Research firm Decision Resources predicts that the rheumatoid arthritis market will modestly grow to $15 billion in the next decade. RA patients already have access to more than enough drugs to find an adequate treatment combination, and cheaper alternatives may become available. But pharma companies continue to treat RA like a growth market. Abbott built spinoff AbbVie Inc (NYSE:ABBV) around the $9 billion Humira, and Pfizer Inc. (NYSE:PFE) brought a new class into the mix.
Will the bevy of RA blockbusters run out of steam?
The old guard
Rheumatoid arthritis is a chronic inflammatory condition that primarily affects the joints. Patients work closely with doctors to find an adequate treatment regimen — which can help manage the disease and prevent potential co-morbidities including heart disease, cancer, and osteoporosis.
Finding the right RA treatments can prove problematic, so once something works, patients usually stick with that drug for an extended period of time. Generic drug methotrexate has long been the first-line treatment in RA. Methotrexate works for the majority of patients with early-stage RA and offers fewer safety risks than other disease-modifying anti-rheumatic drugs.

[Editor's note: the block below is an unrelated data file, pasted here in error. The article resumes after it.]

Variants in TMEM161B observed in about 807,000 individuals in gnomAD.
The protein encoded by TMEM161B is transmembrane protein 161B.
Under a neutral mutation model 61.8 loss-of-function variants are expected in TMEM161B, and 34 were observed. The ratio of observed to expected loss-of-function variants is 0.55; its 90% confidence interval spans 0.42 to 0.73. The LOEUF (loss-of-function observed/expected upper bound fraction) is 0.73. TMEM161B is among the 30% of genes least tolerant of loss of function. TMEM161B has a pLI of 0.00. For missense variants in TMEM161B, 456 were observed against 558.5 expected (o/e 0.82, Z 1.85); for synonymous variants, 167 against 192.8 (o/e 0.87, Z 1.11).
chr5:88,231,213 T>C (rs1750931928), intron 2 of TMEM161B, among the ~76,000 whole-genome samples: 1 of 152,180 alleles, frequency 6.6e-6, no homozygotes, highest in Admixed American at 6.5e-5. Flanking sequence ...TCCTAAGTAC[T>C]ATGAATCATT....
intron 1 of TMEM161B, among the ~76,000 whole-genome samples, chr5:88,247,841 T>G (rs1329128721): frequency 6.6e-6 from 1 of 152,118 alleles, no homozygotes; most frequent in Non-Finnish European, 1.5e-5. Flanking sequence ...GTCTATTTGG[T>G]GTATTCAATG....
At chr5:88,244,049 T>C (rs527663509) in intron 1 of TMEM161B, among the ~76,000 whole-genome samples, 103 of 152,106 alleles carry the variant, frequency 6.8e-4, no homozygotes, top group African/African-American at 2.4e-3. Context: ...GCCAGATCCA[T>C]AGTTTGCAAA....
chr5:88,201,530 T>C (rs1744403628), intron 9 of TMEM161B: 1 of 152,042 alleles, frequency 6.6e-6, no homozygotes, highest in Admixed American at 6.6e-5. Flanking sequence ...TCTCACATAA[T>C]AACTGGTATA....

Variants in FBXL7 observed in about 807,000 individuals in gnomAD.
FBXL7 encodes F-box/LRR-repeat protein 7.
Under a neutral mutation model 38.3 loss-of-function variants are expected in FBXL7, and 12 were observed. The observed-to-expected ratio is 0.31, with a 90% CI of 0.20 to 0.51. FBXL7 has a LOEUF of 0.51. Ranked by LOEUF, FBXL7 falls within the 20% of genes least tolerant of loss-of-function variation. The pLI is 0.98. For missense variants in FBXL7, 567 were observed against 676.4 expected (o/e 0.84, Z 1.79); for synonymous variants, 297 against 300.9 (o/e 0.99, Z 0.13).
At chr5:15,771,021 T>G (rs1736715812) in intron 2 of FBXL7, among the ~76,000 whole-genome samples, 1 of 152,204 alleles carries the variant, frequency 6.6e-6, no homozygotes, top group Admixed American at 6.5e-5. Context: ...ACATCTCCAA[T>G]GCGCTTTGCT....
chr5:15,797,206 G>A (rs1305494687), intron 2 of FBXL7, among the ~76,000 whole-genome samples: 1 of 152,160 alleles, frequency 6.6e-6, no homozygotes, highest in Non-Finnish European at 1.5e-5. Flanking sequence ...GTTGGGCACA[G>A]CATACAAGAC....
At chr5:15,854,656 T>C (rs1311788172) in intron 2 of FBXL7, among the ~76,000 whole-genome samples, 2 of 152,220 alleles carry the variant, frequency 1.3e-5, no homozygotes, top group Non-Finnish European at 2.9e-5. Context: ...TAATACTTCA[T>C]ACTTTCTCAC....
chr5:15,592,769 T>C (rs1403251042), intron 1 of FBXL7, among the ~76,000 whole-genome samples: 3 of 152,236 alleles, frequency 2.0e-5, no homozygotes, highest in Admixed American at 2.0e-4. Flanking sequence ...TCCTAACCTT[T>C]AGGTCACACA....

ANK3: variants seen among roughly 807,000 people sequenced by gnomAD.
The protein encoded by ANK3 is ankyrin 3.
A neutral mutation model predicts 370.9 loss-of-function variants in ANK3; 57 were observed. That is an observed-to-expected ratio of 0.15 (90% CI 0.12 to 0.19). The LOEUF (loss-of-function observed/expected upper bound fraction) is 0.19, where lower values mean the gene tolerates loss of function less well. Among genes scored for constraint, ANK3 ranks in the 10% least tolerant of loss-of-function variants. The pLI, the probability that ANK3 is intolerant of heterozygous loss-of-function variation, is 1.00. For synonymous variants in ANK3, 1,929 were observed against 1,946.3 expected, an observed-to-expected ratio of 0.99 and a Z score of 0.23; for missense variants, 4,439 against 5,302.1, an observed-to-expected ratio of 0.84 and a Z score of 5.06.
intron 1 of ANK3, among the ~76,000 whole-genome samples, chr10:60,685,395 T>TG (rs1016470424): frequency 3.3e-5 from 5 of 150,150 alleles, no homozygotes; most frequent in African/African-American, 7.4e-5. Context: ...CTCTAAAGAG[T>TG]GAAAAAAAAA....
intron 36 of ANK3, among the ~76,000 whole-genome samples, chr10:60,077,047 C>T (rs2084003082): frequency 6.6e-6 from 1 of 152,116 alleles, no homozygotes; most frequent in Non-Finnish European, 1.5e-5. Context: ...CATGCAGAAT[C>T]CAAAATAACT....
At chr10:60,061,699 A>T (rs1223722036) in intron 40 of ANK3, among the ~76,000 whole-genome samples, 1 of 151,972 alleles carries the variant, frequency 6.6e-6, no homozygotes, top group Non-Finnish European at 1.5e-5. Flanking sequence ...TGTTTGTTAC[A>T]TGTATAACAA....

Methotrexate isn’t always enough, especially in later stages of the condition. Patients might take methotrexate with a tumor necrosis factor, or TNF, inhibitor — the class with the branded blockbusters.
Humira from AbbVie leads the anti-TNF biologic pack because of its effectiveness and comparatively decent safety profile. The drug had tremendous sales of $9.3 billion last year. AbbVie doesn’t have to split the costs of this drug with anyone, unlike the deals in place for Enbrel and Remicade. But the newly born spinoff is overly dependent on Humira’s continued success.
Remicade has a disadvantage to the other two blockbusters because it’s administered intravenously in a clinical setting, whereas patients can self-inject Humira or Enbrel at home with a pen-style device. Despite this inconvenience, Merck & Co., Inc. (NYSE:MRK) reported net sales of $2.1 billion for Remicade last year, and Johnson & Johnson (NYSE:JNJ) reported $6.1 billion. The companies fought a legal battle over which company would get what when it came to this drug. When the dust settled, Johnson & Johnson stood on the winning side. Merck’s looking for any victories it can get now that the blockbuster Singulair fell off patent.
Enbrel had 2012 revenues of $957 million for Pfizer and $4.2 billion for Amgen, Inc. (NASDAQ:AMGN). Pfizer was marketing the drug outside the U.S. and Canada while receiving a percentage of annual gross profits from Amgen. The North American collaboration agreement expires this fall. Amgen will then pay a declining percentage of profits for three years.
Amgen might celebrate decreased payments, but Pfizer’s up to RA plans of its own.